Music and concept: Clara Iannotta
Architecture: Anna Kubelik
Light Design: Eva G. Alonso
Sound Technician: Chris Swithinbank
Performers: Karin Hellqvist, Emma Iannotta, Truike van der Poel, Johanna Zimmer
Commission: coproduction Münchener Biennal & Musik der Jahrhunderte Stuttgart, in cooperation with the whiteBOX.art München, the Berliner Künstlerprogramm des DAAD and the Elektronisches Studio der TU Berlin, supported by Kulturstiftung des Bundes
Dedication: to Laura Frahm
One of the first books I read as student in composition was Remembering the Future, a transcription of the Charles Eliot Norton Lectures that Luciano Berio gave at Harvard University in 1993–94. Among the many explanations about his work, one sentence stuck out from the rest: “we should look at music, and listen to theatre.” Since I started to study composition, I have been fascinated by the idea of music as a multi-sensory experience. To have a complete understanding of a sound, the ear needs the support of the eye. How does the visual become music and vice-versa? I was not interested in the creation of choreographic movement as simple commentary, but rather in the building of an environment in which the visual and the sonic are essential to each other and inseparable. Following this research, I started to develop, together with an engineering class at MIT, an audio-visual instrument consisting of many semi- transparent silicon sheets which performers could stretch and manipulate. Thanks to pressure sensors, lasers, motors, we were able to retrieve data, detect how and where the material was being touched, and use it as an interactive map to shape the sonic environment.
In 2016, when approached by the Münchener Biennale, I proposed a project to them, in which I would create walls of silicon that would surround the audience, allowing them to experience audio and visual memories of the performance space — at that point an old apartment room. This project slowly developed as I started my collaboration with visual artist Anna Kubelík. We started to discuss the stage design, how to reveal the liveliness of such an audio-visual instrument, and what it meant to be enclosed within a space. While researching this topic, Anna and I read about the symbiotic relationship between the Venus’ flower basket sponge, a dweller of the deep sea, and two small spongicolid shrimps swept into the interior of the sponge as larvae. Once fully grown, the two shrimps are too big to escape the sponge’s mesh, but although trapped inside, they are provided with everything they need in order to survive by the sponge, and indeed they can live longer inside the flower basket sponge than outside it. There are two worlds in this story — a private, interior one, and an exterior one. The outside world does not see the small shrimps, the only thing they see is the cage, the beautiful sponge. They live a private life, hidden from and unknown by the surrounding ocean, growing old within the walls of their privacy. Somehow, the symbiotic relationship between the Venus’ flower basket sponge and the shrimps represents an aspect of the world we are witnessing today, where many people live their lives behind a screen, trapped in a virtual reality that allows them to act without being exposed. But does their life exist also outside the virtual reality, or are their screens their only way to confirm their presence in the world?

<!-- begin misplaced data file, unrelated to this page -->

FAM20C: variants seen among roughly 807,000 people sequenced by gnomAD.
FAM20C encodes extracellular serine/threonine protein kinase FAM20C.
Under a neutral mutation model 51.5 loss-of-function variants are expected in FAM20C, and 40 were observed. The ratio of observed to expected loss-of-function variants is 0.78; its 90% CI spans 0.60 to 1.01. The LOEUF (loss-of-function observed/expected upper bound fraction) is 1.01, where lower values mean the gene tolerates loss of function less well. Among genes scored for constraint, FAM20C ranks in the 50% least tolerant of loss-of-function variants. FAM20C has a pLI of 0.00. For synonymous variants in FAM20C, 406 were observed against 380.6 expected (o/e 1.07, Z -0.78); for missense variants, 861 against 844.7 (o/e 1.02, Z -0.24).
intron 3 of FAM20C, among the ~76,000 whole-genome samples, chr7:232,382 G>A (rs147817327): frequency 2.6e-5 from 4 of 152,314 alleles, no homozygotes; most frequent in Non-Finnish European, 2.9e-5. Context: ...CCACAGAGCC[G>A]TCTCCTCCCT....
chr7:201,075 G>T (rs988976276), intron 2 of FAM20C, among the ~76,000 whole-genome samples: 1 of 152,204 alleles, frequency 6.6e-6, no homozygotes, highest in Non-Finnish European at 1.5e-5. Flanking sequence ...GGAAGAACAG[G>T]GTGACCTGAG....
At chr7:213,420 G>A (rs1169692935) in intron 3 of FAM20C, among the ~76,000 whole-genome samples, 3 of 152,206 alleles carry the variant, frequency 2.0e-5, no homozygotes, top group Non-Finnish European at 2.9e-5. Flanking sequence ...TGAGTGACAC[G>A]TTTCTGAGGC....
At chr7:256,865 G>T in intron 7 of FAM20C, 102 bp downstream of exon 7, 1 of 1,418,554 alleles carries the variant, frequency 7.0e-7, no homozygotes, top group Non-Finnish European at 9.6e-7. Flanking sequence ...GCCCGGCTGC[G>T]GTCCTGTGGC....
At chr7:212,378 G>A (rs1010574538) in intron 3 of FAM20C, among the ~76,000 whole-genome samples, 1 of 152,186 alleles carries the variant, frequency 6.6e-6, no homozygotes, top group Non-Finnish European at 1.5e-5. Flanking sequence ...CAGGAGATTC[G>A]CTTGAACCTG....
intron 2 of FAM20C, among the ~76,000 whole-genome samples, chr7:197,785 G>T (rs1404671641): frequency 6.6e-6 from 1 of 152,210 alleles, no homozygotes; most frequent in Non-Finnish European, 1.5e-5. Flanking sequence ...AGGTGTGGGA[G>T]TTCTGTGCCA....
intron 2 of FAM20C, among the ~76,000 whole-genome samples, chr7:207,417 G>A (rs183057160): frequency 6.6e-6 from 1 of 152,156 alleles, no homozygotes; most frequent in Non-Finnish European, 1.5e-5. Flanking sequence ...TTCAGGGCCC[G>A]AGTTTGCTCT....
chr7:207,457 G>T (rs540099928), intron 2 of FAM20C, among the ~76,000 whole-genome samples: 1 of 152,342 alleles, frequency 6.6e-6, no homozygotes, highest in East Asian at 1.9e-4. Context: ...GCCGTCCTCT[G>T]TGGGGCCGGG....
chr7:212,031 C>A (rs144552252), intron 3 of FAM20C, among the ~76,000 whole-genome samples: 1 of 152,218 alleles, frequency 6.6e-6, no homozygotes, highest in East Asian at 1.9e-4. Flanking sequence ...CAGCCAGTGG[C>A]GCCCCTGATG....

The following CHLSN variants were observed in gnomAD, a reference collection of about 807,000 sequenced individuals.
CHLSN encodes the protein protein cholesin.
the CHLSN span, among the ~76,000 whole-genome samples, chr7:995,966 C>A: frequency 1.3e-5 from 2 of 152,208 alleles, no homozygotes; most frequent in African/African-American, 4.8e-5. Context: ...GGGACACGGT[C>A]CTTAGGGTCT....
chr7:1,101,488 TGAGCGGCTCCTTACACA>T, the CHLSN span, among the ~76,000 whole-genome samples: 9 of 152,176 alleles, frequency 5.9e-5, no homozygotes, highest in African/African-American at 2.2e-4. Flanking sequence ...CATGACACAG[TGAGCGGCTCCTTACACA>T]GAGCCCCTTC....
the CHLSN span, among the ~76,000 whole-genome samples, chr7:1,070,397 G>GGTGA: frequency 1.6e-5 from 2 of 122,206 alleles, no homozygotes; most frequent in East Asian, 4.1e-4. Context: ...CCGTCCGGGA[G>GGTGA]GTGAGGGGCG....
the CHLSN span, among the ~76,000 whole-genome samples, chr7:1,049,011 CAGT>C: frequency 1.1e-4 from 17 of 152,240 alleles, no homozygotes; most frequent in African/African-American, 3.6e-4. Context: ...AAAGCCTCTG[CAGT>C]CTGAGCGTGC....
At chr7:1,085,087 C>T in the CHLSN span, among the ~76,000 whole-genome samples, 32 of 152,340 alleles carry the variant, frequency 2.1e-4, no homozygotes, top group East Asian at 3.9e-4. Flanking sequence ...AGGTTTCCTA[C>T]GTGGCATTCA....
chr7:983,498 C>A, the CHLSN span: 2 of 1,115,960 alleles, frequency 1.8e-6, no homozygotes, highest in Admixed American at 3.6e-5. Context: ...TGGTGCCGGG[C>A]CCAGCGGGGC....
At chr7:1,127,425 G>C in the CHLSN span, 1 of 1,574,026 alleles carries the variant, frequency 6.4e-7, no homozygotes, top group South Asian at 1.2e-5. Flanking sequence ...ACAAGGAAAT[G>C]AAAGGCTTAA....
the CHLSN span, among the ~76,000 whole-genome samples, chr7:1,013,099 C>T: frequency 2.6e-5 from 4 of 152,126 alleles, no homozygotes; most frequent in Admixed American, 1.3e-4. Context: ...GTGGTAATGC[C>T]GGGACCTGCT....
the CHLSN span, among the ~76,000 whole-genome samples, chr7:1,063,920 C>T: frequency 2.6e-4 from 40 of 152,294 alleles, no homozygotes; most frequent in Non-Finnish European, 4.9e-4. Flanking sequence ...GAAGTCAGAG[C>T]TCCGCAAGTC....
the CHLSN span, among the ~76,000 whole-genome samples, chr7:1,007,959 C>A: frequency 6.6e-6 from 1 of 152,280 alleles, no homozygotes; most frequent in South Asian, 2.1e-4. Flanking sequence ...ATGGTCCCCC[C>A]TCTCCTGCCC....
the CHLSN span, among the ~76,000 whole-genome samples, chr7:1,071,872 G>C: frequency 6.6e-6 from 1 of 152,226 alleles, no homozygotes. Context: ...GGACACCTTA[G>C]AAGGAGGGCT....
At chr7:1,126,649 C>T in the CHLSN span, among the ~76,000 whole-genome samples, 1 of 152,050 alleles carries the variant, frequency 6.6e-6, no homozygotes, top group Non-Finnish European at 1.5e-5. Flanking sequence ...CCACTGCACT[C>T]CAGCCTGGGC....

Anna and I wanted to transform this life-struggle into music: four performers are encaged by a structure that only allows them to move their upper body, staging this incredibly private life, so private that they assume they are the only ones to exist. With skull ark, upturned with no mast, we wanted to reverse this story, and allow these performers to be seen by the audience, gradually revealing their private space to the outside spectators. We have been working with the light designer Eva G. Alonso, who has created lights within the clothes of the performers, so that we can play with their bodies, and create movement, shadows, and awareness of their existence, while at times maintaining the privacy, or showing that from the outside we can only ever perceive a part of their private existence.
The title of this performance — skull ark, upturned with no mast — comes from the work of the Irish poet Dorothy Molloy, who has been a constant inspiration for me over the past years. In her work, we often encounter the human body — her body — in its most intimate expressions, as she faces her own mortality, at times enraged with the betrayal of her own bones, at other moments lost at sea. In “Life Boat,” Molloy writes of isolating herself within her own mind, turning her skull into an ark, blocking up the holes that let the outside world in, and trying to wait “for forty days,” but finding that the “dark stirrings / of my mind released the beasts within.” Molloy captures a paradoxical inversion between the public and private spaces: as she tries to enclose herself within the most private space of her mind, she nevertheless finds herself surrounded by countless demonic animals. We find these kinds of poetic inversions throughout Molloy’s work and in the conception of skull ark: the ark as a symbol of peace becomes a carrier of demons; the feminine body as the bearer of life condemns its inhabitant to death; the cage of the sponge becomes a protector of life; the immense weight of the ocean enables the lightest movements; the privacy of the sponge is transferred to the visibility of the stage. As we try to bring our sponge–skull–ark structure to life, we are hoping to capture the range of these paradoxes described by Molloy, from holy stillness to an overwhelming torrent of activity.
Clara Iannotta & Chris Swithinbank